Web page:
Chicxulub, The Asteroid That Killed The Dinosaurs, Triggered A Mile High Tsunami, Impacting All The Oceans

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New details are out regarding the killing of the dinosaurs by the famous asteroid that crashed on our planet.

When the asteroid that killed dinosaurs on Earth collided with our planet more than 65 million years ago, it blasted everything.

To be more specific, it triggered a tsunami that was a mile high through the Gulf Of Mexico that created complete chaos into the world’s oceans, according to the latest research.

The asteroid was 9-mile across

The space rock was 9-mile-across or 14 kilometers, and it was known as the Chicxulub asteroid. It triggered such massive destruction that it’s completely understandable that it wiped the dinosaurs off the planet and led to the Cretaceous-Paleogene extinction.

“The Chicxulub asteroid resulted in a huge global tsunami, the likes of which have not been seen in modern history,” said lead researcher Molly Range.

The team’s research has to be published in a peer-reviewed journal at the American Geophysical Union’s annual meeting scheduled for December 14 in Washington, D.C.

“As far as we know, we are the first to globally model the tsunami from impact to the end of wave propagation,” Range reported for Live Science.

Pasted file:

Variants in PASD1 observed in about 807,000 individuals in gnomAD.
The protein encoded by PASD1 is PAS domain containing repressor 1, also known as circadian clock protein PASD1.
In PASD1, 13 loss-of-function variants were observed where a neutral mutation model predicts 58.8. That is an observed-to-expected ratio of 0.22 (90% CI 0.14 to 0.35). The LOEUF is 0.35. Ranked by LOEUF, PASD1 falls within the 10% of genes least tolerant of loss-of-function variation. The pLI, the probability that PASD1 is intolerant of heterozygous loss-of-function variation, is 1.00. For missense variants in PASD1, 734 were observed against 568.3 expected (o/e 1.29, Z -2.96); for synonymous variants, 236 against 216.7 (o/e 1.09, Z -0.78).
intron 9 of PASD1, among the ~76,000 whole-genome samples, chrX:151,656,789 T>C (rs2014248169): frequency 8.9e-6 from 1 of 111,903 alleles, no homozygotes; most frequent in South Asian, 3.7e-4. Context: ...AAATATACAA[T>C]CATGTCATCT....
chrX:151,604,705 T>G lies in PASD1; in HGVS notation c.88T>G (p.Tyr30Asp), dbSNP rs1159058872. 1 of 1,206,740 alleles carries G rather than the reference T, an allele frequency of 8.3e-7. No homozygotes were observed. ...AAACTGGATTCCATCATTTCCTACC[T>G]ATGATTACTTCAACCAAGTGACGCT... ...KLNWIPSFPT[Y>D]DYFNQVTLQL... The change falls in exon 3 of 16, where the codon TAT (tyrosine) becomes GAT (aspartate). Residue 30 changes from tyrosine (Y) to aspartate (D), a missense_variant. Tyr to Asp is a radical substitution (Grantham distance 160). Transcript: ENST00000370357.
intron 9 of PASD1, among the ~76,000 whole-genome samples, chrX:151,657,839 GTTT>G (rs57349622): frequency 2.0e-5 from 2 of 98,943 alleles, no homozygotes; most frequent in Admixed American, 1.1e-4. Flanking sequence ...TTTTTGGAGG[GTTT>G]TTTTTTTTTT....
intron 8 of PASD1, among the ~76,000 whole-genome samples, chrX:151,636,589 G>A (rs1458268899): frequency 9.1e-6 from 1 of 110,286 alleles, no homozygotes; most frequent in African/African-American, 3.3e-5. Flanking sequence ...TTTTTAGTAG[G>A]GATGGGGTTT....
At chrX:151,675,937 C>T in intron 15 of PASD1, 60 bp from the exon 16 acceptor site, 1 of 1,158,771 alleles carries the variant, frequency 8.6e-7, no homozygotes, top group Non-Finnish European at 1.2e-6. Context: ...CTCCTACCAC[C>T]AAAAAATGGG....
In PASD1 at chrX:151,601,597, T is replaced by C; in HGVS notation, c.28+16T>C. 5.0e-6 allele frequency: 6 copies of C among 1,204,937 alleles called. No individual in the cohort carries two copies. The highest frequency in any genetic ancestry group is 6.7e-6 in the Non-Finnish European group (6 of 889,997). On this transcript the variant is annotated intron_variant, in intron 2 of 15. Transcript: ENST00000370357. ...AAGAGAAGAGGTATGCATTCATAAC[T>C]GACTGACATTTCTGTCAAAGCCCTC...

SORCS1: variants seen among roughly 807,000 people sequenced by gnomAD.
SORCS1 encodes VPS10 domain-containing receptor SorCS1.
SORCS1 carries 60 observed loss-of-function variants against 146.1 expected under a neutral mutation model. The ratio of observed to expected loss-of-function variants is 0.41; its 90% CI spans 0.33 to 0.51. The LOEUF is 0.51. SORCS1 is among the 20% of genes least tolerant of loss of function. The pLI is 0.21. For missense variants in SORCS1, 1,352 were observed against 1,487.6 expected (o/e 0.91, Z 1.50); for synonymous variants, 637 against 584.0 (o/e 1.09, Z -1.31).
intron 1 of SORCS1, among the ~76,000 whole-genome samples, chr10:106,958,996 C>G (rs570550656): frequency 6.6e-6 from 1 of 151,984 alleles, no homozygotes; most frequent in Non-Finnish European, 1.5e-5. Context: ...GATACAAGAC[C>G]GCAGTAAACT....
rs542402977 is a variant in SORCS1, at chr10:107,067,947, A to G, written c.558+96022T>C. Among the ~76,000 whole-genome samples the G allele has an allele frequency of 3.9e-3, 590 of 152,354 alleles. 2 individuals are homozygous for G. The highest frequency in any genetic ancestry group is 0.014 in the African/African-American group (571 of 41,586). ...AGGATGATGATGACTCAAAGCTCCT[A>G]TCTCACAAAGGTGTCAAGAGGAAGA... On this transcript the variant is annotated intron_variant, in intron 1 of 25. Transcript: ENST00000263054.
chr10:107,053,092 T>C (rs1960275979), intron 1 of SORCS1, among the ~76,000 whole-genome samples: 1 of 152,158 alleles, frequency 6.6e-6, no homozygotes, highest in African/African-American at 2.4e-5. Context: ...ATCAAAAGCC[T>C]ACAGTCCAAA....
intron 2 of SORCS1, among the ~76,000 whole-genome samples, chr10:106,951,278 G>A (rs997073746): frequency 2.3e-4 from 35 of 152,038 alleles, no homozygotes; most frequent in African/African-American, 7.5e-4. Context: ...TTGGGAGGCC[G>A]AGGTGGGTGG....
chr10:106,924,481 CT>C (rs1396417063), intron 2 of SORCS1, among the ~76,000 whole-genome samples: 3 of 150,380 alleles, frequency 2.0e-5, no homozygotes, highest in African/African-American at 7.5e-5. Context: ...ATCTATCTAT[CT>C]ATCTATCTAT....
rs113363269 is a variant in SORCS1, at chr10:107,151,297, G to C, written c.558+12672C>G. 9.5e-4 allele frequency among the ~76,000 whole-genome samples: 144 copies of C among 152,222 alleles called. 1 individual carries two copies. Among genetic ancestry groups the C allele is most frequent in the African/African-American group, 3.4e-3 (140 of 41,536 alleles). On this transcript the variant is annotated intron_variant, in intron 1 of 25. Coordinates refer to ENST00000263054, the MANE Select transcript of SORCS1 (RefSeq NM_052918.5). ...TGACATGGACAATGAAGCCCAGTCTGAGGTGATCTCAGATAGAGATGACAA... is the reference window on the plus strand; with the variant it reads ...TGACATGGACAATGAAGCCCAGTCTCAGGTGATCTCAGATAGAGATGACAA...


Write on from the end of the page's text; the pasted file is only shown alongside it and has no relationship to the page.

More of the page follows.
Researchers were aware of the fact that the asteroid had hit5 the shallow water in the Gulf of Mexico. But it seems that in order to model the asteroid’s impact the team had to have a model that was able to compute “the large-scale deformation of the [Earth’s] crust that formed the crater, as well as the chaotic waves from the initial blast of water away from the impact site, and waves from ejecta falling back into the water,” said Range.

The tsunami was propagated through the oceans across the world 

After creating the required models, the team found that the tsunami was propagated through the oceans all over the world. The effects were obviously felt everywhere.

“We found that this tsunami moved throughout the entire ocean, in every ocean basin,” Range stated.

Live Science reported that in the Gulf of Mexico, the water moved with 89 mph (143 km/h).

In the first 24 hours, tsunami’s impact spread out of the Gulf of Mexico and into the Atlantic. It also went through the Central American Seaway.

You can read the complete article here to learn more interesting details on what reportedly happened.

Rada Mateescu

I have been blogging and posting articles for over eight years, but my passion for writing dates back in 2000. I am especially enthusiastic about technology, science, and health-related issues. When I’m not researching and writing the latest news, I’m either watching sci-fi and horror movies or checking out places worth visiting and building deep memories for later in life. I believe in empathy and continually improving myself.